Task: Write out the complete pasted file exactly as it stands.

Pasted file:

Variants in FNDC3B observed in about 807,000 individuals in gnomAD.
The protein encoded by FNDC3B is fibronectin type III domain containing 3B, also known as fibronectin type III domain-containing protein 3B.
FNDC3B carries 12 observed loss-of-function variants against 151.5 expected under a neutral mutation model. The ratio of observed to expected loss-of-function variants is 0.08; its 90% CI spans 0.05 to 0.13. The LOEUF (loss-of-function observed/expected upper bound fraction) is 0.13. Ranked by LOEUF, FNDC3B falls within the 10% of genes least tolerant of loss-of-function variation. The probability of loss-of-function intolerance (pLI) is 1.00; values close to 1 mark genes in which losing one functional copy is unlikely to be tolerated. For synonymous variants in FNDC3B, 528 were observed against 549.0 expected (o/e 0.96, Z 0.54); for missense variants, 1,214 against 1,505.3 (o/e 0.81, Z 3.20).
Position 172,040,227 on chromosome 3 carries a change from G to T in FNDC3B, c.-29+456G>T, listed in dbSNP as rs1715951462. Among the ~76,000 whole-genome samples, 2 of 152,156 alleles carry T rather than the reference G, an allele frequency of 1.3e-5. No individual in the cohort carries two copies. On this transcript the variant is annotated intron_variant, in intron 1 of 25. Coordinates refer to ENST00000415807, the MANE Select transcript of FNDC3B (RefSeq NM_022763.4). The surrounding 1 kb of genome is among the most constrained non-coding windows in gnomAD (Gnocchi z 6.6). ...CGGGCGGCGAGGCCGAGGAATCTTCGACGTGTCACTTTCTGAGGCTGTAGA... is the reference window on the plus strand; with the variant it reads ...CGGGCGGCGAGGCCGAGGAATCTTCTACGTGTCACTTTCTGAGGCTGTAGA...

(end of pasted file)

Variants in FNDC3B observed in about 807,000 individuals in gnomAD.
The protein encoded by FNDC3B is fibronectin type III domain containing 3B, also known as fibronectin type III domain-containing protein 3B.
FNDC3B carries 12 observed loss-of-function variants against 151.5 expected under a neutral mutation model. The ratio of observed to expected loss-of-function variants is 0.08; its 90% CI spans 0.05 to 0.13. The LOEUF (loss-of-function observed/expected upper bound fraction) is 0.13. Ranked by LOEUF, FNDC3B falls within the 10% of genes least tolerant of loss-of-function variation. The probability of loss-of-function intolerance (pLI) is 1.00; values close to 1 mark genes in which losing one functional copy is unlikely to be tolerated. For synonymous variants in FNDC3B, 528 were observed against 549.0 expected (o/e 0.96, Z 0.54); for missense variants, 1,214 against 1,505.3 (o/e 0.81, Z 3.20).
Position 172,040,227 on chromosome 3 carries a change from G to T in FNDC3B, c.-29+456G>T, listed in dbSNP as rs1715951462. Among the ~76,000 whole-genome samples, 2 of 152,156 alleles carry T rather than the reference G, an allele frequency of 1.3e-5. No individual in the cohort carries two copies. On this transcript the variant is annotated intron_variant, in intron 1 of 25. Coordinates refer to ENST00000415807, the MANE Select transcript of FNDC3B (RefSeq NM_022763.4). The surrounding 1 kb of genome is among the most constrained non-coding windows in gnomAD (Gnocchi z 6.6). ...CGGGCGGCGAGGCCGAGGAATCTTCGACGTGTCACTTTCTGAGGCTGTAGA... is the reference window on the plus strand; with the variant it reads ...CGGGCGGCGAGGCCGAGGAATCTTCTACGTGTCACTTTCTGAGGCTGTAGA...